Everything you see was created by and for the rc community, which means we're looking for your input and help in furthering this tool to better serve and expand the hobbies reach into our local communities. Things we would like to hear back about from you are (for example):
  • Do you like what's there?
  • What more would you like to see?
  • Do you think this is valuable to the community?
  • Is it easy to use?
  • What else would you like done?

Feel free to post your comments below as we'd love to hear from the community that drove the development of this tool.

Please Note: This is a pre-release, not a fully working & complete model. We're continually improving on the technology and design and are currently in the process of assembling another portion of the Field Finder to help flying clubs reach out across the America's.

Thank for your time everyone & cheers!

Director of Development, controlchat.com

Posted by apwachholz | Jan 20, 2010 @ 01:37 PM | 3,364 Views
Selecting your first rc airplane

See a full list of available rc trainer airplanes.

Searching for and purchasing your first radio control airplane is exciting, however, at times it can be a bit overwhelming, frustrating, and leave you with questions like: Where do I begin? What should I be looking for? Is this the right rc airplane?

Often times beginners overlook important aspects of the hobby when they're entrenched in the process of purchasing their first rc airplane. We tend to loose focus on key subjects like ease of transportation, storage, and if there is a future investment value in our airplane. Unfortunately many of these things can get shoved to the back of your mind when the focus is on finding and flying the airplane.

The following information should be considered guidelines in helping you make the best decisions possible during the process of your first airplane purchase.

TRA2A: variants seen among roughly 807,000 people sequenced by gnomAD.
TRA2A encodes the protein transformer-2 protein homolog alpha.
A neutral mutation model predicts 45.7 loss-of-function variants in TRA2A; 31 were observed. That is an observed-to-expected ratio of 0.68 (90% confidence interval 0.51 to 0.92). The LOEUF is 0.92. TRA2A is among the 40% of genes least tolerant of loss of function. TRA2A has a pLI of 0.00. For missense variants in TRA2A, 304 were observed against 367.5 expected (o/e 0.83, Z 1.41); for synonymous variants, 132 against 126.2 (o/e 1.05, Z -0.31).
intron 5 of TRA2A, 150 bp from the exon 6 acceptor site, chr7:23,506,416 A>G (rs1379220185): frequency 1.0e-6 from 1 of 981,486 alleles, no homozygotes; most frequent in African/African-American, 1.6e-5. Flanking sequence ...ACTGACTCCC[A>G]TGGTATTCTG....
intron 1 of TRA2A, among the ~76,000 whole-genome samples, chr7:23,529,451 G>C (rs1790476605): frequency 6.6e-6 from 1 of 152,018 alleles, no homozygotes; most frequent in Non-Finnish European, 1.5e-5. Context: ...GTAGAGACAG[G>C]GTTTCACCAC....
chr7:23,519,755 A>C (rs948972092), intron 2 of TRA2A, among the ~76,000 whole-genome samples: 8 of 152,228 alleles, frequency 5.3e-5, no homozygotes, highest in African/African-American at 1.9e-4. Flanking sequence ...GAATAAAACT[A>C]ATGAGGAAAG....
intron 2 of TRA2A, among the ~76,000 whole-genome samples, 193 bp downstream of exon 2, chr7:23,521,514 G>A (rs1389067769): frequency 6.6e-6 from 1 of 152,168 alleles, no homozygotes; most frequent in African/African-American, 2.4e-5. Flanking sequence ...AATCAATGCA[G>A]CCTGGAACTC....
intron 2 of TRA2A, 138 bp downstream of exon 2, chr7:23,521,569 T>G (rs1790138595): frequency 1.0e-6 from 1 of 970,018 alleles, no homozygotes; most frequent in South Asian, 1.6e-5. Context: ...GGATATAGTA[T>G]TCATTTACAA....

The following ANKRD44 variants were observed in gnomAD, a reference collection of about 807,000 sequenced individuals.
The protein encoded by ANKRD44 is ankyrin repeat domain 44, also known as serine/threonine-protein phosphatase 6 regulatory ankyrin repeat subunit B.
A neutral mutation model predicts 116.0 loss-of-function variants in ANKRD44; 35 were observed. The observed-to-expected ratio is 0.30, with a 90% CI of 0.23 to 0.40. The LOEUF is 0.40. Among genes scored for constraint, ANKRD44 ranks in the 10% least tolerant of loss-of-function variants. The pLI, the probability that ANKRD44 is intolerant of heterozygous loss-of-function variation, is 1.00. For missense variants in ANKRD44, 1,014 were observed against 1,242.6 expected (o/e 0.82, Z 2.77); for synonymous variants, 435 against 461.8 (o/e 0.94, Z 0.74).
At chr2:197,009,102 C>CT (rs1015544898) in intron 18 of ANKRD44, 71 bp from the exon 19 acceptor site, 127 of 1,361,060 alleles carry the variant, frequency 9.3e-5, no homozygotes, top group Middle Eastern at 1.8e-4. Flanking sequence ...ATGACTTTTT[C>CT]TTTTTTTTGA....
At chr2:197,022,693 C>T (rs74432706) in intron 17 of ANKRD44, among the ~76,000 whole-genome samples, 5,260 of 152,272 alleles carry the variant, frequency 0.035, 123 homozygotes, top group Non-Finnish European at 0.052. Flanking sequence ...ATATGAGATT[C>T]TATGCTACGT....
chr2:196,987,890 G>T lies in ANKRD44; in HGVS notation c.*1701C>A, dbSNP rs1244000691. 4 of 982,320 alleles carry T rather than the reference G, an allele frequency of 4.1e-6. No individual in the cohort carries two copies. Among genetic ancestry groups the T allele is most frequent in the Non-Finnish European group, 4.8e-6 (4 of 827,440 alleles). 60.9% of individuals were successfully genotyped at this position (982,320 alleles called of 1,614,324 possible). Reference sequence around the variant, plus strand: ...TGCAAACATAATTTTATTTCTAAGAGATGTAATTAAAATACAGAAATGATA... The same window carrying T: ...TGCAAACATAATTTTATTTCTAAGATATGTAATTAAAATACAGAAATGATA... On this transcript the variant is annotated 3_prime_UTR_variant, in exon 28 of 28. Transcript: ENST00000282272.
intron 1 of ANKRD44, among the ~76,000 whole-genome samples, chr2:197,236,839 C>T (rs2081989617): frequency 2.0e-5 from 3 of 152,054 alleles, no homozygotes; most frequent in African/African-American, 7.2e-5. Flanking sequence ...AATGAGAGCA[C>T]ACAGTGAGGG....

Which rc trainer is best?
This is the most frequently asked question of someone getting into rc airplanes. The shortest answer is this: Any high-wing trainer works well. Regardless of the claims, from either pilot or manufacturer, all high-wing trainers have relatively the same flying characteristics and will behave the same in flight. What makes a great airplane fly is the pilot and their skill.

And although there are many claims of 'teach-yourself-to-fly' kits, the bottom line is that no rc airplane kit flies itself or can prevent a crash. Only dedicated training with a
...Continue Reading
Posted by apwachholz | Oct 23, 2009 @ 10:28 AM | 4,142 Views
Safely Start Your RC Airplane Engine

Note: The following article is an excerpt. To see the full article go to http://controlchat.com/starting-an-rc-engine/

Safety should be paramount when it involves radio control airplanes, especially when they are on the ground and running. However, too often individuals develop unsafe practices for handling rc aircraft and then teach these techniques to new pilots.

While you can start your engine using a start stick, we have found that a little investment in an electric starting kit is invaluable for both your safety and your sanity.

The Night Before
A common Murphy’s Law occurrence is that you get to the field, set-up your gear, and find that one of your vital electronics is completely without power. It seems simple advice but, be sure to charge all of your equipment the night before you plan on flying. Even if you believe the power levels are good, plug in your electronics and ‘top off ‘ that charge.

And for the new pilot make sure you have a few extra glow plugs on hand for your engine as well as the engines manual should something not go according to plan.

The Set-Up
Tie down your airplane and get all your gear set-up paying close attention to where your airplane and equipment are placed. It’s important to keep all items clear to the left, right, and forward positions of the airplanes propeller. This prevents any possible injury to other people and damage to your gear from the likes of a propeller spinning off or...Continue Reading
Posted by apwachholz | Mar 09, 2009 @ 11:17 AM | 3,619 Views
“I don’t know what happened. It just stalled in the air and I lost control.” - Physics of Flight: Lift